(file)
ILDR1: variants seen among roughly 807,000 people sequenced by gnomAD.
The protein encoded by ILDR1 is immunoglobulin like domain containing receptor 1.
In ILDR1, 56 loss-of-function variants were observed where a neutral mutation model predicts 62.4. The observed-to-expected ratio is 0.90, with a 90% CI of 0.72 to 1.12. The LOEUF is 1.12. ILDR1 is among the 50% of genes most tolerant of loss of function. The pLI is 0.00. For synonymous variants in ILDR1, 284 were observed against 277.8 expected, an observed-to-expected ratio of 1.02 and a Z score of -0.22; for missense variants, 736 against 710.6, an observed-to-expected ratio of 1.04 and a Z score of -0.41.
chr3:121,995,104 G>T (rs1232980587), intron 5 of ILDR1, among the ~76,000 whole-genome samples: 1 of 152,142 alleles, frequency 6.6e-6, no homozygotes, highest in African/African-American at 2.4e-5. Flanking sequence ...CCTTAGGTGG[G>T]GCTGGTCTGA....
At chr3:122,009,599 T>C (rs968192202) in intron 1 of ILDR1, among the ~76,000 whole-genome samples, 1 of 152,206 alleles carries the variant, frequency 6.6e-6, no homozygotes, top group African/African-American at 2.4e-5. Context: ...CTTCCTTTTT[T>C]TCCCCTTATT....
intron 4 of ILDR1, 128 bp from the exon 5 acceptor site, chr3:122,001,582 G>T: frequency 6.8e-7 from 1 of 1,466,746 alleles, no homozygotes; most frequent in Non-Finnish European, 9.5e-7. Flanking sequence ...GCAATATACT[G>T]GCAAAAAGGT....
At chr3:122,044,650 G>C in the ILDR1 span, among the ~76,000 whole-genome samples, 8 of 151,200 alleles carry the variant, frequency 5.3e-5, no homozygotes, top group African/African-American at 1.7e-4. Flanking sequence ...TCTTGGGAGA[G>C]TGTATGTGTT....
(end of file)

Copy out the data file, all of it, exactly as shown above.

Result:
ILDR1: variants seen among roughly 807,000 people sequenced by gnomAD.
The protein encoded by ILDR1 is immunoglobulin like domain containing receptor 1.
In ILDR1, 56 loss-of-function variants were observed where a neutral mutation model predicts 62.4. The observed-to-expected ratio is 0.90, with a 90% CI of 0.72 to 1.12. The LOEUF is 1.12. ILDR1 is among the 50% of genes most tolerant of loss of function. The pLI is 0.00. For synonymous variants in ILDR1, 284 were observed against 277.8 expected, an observed-to-expected ratio of 1.02 and a Z score of -0.22; for missense variants, 736 against 710.6, an observed-to-expected ratio of 1.04 and a Z score of -0.41.
chr3:121,995,104 G>T (rs1232980587), intron 5 of ILDR1, among the ~76,000 whole-genome samples: 1 of 152,142 alleles, frequency 6.6e-6, no homozygotes, highest in African/African-American at 2.4e-5. Flanking sequence ...CCTTAGGTGG[G>T]GCTGGTCTGA....
At chr3:122,009,599 T>C (rs968192202) in intron 1 of ILDR1, among the ~76,000 whole-genome samples, 1 of 152,206 alleles carries the variant, frequency 6.6e-6, no homozygotes, top group African/African-American at 2.4e-5. Context: ...CTTCCTTTTT[T>C]TCCCCTTATT....
intron 4 of ILDR1, 128 bp from the exon 5 acceptor site, chr3:122,001,582 G>T: frequency 6.8e-7 from 1 of 1,466,746 alleles, no homozygotes; most frequent in Non-Finnish European, 9.5e-7. Flanking sequence ...GCAATATACT[G>T]GCAAAAAGGT....
At chr3:122,044,650 G>C in the ILDR1 span, among the ~76,000 whole-genome samples, 8 of 151,200 alleles carry the variant, frequency 5.3e-5, no homozygotes, top group African/African-American at 1.7e-4. Flanking sequence ...TCTTGGGAGA[G>C]TGTATGTGTT....